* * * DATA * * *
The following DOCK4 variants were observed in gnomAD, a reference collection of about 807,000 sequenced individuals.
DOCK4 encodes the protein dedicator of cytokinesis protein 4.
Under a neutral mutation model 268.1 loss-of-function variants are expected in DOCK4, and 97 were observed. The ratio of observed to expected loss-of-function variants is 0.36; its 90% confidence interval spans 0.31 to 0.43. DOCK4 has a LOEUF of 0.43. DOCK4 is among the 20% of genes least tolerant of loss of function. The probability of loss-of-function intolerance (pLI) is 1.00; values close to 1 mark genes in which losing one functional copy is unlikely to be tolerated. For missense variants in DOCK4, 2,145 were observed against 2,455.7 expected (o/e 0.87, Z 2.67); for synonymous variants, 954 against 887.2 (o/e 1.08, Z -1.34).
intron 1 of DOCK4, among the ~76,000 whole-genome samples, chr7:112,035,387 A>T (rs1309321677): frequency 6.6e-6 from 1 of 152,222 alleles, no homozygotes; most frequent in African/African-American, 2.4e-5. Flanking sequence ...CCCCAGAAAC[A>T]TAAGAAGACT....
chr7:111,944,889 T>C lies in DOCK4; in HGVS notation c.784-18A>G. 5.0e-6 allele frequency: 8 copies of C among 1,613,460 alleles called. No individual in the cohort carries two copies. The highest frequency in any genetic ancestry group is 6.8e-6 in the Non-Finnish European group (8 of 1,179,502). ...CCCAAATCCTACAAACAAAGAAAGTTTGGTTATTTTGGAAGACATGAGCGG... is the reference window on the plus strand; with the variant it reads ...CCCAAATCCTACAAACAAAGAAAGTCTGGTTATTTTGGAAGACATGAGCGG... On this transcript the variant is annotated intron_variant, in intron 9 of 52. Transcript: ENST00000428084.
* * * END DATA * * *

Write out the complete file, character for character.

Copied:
The following DOCK4 variants were observed in gnomAD, a reference collection of about 807,000 sequenced individuals.
DOCK4 encodes the protein dedicator of cytokinesis protein 4.
Under a neutral mutation model 268.1 loss-of-function variants are expected in DOCK4, and 97 were observed. The ratio of observed to expected loss-of-function variants is 0.36; its 90% confidence interval spans 0.31 to 0.43. DOCK4 has a LOEUF of 0.43. DOCK4 is among the 20% of genes least tolerant of loss of function. The probability of loss-of-function intolerance (pLI) is 1.00; values close to 1 mark genes in which losing one functional copy is unlikely to be tolerated. For missense variants in DOCK4, 2,145 were observed against 2,455.7 expected (o/e 0.87, Z 2.67); for synonymous variants, 954 against 887.2 (o/e 1.08, Z -1.34).
intron 1 of DOCK4, among the ~76,000 whole-genome samples, chr7:112,035,387 A>T (rs1309321677): frequency 6.6e-6 from 1 of 152,222 alleles, no homozygotes; most frequent in African/African-American, 2.4e-5. Flanking sequence ...CCCCAGAAAC[A>T]TAAGAAGACT....
chr7:111,944,889 T>C lies in DOCK4; in HGVS notation c.784-18A>G. 5.0e-6 allele frequency: 8 copies of C among 1,613,460 alleles called. No individual in the cohort carries two copies. The highest frequency in any genetic ancestry group is 6.8e-6 in the Non-Finnish European group (8 of 1,179,502). ...CCCAAATCCTACAAACAAAGAAAGTTTGGTTATTTTGGAAGACATGAGCGG... is the reference window on the plus strand; with the variant it reads ...CCCAAATCCTACAAACAAAGAAAGTCTGGTTATTTTGGAAGACATGAGCGG... On this transcript the variant is annotated intron_variant, in intron 9 of 52. Transcript: ENST00000428084.